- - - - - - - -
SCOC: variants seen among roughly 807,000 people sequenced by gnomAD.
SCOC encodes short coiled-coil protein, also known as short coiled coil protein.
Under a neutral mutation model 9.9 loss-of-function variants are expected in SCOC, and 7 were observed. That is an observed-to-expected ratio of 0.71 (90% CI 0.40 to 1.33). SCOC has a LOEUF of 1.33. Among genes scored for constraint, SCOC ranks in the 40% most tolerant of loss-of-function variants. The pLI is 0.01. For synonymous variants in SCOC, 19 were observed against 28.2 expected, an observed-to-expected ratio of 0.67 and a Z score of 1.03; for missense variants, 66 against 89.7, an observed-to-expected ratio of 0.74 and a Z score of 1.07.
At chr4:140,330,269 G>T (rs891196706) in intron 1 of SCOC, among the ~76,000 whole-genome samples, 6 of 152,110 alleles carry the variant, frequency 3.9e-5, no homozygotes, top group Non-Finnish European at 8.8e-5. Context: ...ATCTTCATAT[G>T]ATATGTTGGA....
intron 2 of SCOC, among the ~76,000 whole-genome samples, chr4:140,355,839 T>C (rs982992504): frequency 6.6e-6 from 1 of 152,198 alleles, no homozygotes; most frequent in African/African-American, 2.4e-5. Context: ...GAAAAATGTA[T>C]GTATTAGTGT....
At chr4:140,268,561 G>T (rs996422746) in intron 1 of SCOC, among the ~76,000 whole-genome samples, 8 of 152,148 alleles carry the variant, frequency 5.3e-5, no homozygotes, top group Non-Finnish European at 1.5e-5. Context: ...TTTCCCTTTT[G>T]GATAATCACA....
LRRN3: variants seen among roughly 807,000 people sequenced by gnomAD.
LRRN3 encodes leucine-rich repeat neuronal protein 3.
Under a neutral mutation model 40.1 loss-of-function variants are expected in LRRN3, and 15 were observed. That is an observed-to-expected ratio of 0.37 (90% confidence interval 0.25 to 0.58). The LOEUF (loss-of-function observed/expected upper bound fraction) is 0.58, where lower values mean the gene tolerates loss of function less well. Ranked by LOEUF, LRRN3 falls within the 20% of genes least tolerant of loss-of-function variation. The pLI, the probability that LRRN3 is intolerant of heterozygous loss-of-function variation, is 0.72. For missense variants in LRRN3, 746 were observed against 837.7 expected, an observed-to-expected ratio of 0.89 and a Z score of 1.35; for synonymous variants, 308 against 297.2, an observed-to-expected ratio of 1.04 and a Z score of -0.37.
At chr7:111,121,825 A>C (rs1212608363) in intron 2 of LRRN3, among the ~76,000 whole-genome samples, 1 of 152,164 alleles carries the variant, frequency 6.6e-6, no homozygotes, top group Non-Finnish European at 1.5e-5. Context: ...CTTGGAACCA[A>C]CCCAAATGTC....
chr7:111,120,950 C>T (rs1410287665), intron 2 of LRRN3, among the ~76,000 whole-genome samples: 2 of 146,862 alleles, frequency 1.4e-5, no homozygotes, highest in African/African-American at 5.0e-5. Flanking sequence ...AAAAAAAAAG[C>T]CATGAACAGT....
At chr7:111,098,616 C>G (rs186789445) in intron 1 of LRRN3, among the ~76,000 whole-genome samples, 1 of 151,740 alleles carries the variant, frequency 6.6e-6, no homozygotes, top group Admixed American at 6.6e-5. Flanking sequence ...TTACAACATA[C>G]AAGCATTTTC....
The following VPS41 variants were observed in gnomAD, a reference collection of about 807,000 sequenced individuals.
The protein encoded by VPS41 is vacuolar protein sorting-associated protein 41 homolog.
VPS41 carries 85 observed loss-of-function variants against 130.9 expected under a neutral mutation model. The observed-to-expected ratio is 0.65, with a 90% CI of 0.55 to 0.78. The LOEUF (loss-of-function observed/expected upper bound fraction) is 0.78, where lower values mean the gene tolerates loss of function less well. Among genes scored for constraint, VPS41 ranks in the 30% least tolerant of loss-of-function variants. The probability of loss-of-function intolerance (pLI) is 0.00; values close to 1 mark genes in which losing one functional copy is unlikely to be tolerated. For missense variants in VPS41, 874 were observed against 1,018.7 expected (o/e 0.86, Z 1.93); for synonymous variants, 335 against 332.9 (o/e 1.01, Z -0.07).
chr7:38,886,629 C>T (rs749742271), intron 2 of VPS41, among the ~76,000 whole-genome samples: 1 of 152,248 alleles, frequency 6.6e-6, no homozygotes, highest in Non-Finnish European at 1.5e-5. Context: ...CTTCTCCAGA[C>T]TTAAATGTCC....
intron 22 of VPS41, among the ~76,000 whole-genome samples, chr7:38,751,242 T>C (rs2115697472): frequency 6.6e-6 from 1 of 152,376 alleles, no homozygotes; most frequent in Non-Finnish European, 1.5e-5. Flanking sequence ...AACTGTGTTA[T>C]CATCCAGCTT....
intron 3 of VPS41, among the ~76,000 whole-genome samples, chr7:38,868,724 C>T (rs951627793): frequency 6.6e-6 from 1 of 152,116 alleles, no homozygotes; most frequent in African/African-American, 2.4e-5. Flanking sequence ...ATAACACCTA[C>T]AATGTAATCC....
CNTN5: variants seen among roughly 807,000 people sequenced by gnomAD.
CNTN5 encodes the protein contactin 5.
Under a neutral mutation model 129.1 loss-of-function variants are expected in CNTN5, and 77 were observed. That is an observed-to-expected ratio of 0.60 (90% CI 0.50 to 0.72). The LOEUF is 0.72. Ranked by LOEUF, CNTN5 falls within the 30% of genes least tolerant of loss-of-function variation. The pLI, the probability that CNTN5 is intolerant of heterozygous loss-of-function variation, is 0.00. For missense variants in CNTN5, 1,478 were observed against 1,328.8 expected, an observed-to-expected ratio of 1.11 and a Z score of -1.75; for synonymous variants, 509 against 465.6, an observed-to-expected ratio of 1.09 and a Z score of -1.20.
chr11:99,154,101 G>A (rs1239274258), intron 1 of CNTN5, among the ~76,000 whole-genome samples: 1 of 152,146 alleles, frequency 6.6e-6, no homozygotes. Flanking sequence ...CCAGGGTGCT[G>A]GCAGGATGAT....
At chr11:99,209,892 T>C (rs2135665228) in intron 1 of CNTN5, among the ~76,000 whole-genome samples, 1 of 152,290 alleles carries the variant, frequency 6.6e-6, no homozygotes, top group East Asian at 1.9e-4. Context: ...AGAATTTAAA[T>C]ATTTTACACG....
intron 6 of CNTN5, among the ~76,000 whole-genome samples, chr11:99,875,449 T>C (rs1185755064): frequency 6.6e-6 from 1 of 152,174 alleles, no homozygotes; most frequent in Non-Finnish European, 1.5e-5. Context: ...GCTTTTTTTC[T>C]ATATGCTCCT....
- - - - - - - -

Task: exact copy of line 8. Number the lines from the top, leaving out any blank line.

LRRN3 encodes leucine-rich repeat neuronal protein 3.